1. Talk with the birth mother of your desire to breastfeed, what you are doing to establish your breast milk, and why you think it is in the best interest of the child. Talk with your adoption agency, adoption attorney, and social worker and explain that you want to breast feed and why it is best for the child.
2. Speak with the staff at the hospital where the baby will be born and let the head nurse, lactation consultant, and pediatrician know of your plan to breast feed the baby. The goal is to be able to start nursing within the first 30 minutes after birth. This may not be possible, but the earlier you start, the better. If it is not possible to breastfeed the baby immediately after birth, request that he be fed by cup or finger feeding, rather than by bottle.
3. Some birth mothers will agree to nurse the baby while in the hospital so the baby will receive her colostrum. For other first moms this would be much too hard. The same can be said for adoptive parents. You must all decide whether this is something that would be beneficial for all concerned. It might also be possible for the birth mother to pump breast milk for a short time after birth. Let sensitivity and kindness be your guide in deciding whether to make this request.
4. Start early to establish your breast milk supply. Some protocols recommend starting 6 weeks in advance of the baby’s arrival and others recommend a couple of months in advance. If you do not have this time, there are induced lactation protocols to increase your milk supply in a shorter amount of time.
5. Use a high quality electric pump with dual attachments so you can pump both breasts at once. Your health insurance may cover the cost. You may also rent these hospital grade machines. Set up a schedule of pumping that will gradually increase to 6-8 times per day.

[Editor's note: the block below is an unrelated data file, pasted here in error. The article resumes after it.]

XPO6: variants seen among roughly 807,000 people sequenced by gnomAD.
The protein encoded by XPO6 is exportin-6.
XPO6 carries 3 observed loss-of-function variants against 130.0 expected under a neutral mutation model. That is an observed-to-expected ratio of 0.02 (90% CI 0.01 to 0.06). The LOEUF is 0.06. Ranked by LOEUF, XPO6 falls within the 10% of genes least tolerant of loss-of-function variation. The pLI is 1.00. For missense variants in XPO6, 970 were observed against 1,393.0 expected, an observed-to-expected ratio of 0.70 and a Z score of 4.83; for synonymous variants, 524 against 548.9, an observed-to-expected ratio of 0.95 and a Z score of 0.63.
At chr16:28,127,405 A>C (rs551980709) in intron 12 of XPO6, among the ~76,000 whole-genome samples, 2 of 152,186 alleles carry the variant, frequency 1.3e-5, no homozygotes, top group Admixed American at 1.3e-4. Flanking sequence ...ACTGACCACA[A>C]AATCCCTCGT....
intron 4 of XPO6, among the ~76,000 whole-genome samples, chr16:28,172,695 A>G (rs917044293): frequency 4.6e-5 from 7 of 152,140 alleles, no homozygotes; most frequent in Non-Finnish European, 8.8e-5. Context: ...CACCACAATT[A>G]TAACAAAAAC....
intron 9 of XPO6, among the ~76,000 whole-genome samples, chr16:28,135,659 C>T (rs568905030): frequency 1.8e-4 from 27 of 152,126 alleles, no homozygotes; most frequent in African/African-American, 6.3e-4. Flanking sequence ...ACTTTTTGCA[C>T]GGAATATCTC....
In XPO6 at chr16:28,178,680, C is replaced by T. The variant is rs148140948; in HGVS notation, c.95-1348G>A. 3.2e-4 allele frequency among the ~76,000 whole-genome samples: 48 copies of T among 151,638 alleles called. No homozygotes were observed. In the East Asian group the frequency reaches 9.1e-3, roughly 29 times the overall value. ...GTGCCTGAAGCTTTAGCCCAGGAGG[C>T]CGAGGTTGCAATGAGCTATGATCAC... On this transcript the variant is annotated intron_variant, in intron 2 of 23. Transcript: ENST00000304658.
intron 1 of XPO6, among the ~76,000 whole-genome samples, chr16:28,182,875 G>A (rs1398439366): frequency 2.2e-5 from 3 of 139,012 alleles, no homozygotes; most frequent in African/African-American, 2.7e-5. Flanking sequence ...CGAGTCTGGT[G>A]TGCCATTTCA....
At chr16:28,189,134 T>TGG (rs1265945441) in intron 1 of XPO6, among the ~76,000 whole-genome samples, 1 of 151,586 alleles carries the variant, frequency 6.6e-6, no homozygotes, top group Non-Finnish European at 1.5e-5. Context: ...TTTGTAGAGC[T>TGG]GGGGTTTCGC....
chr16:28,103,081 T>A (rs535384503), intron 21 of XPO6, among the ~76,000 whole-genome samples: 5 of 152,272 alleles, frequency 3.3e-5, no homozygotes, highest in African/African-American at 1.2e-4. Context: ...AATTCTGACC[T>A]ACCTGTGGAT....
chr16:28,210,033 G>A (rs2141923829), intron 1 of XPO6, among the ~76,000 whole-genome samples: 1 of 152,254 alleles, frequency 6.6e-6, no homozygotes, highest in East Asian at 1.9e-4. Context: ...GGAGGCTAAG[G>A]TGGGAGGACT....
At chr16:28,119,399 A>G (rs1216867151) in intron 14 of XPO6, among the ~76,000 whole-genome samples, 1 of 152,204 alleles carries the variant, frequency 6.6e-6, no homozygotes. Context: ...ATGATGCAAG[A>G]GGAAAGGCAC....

6. Don’t be discouraged by how much milk you are able to pump before the baby arrives. Pumping is never as good as a baby for building up milk. Pumping helps change the breast and increases the likelihood of success regardless of the amount of breast milk you are able to store.
7. If child is accustomed to being fed with a bottle, switch to a wide nipple with a slow flow with the bottle before offering your breast. See Top Ten Tips for Breastfeeding a Baby Accustomed to Bottle Feeding.
8. If a child needs supplemental milk, use a lactation aid rather than bottle, cup, or finger feeding.
9. Especially at the beginning, focus on skin to skin contact between mother and baby. Undress the baby, except for diaper, to maximize contact with the mom’s skin.
10. Have a board certified lactation specialist available to work with you when you are first trying to breastfeed an adopted baby. It is very helpful if this person is knowledgeable about the specific issues a woman may face if she has not been pregnant. The lactation consultant at the hospital may not have this knowledge, so ask before the birth. Check with the International Lactation Consultant Association or the La Leche League or for someone near you.